The star witness in a terrorism case that could further strain U.S.-Pakistan relations testified Monday that the Pakistani government helped support a terrorist group that carried out a massacre in Mumbai that killed more than 160 people, including six Americans.
David Headley, a 50-year-old drug dealer turned informant who has pleaded guilty to helping plan the 2008 massacre, said Pakistan’s intelligence service ISI worked with the terror group Lashkar-e-Taiba. “They coordinated with each other. The ISI provided assistance to Lashkar,” Mr. Headley testified quietly. Asked what kind of assistance, he said, “Financial and military.”
The testimony came in the trial of Tahawwur Rana, whom Mr. Headley befriended at boarding school in Pakistan. Mr. Rana, of Chicago, has been charged with helping Mr. Headley conduct surveillance ahead of the Mumbai attack as well as an attack on a newspaper in Copenhagen that was never carried out. Mr. Headley agreed to testify against Mr. Rana in exchange for federal prosecutors’ agreeing not to seek the death penalty. Mr. Rana has pleaded not guilty. …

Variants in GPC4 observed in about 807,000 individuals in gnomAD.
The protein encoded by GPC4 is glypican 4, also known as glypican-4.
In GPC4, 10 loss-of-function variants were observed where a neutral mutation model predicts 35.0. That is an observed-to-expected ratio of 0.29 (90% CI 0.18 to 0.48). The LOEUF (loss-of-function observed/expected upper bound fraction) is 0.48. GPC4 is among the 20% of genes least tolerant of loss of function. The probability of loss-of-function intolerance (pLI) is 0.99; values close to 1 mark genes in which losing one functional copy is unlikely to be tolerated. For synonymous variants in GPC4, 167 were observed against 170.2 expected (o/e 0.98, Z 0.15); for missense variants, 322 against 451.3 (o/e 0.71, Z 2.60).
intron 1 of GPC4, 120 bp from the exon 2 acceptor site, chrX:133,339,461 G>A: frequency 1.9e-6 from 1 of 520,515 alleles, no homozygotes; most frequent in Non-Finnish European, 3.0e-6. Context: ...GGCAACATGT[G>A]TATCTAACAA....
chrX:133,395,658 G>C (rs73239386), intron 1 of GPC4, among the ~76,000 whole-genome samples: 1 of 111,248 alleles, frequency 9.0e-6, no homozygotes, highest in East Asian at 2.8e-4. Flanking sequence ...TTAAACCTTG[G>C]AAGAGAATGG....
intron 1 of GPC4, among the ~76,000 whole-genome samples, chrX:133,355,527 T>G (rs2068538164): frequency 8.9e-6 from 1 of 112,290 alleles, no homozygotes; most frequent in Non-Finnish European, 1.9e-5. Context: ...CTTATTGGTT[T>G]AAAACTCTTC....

U.S. District Court Judge Harry Leinenweber acknowledged the possible fear of reprisals jurors might feel if they returned a guilty verdict. He ordered the jury empaneled anonymously and forbade court sketch artists from drawing their likenesses.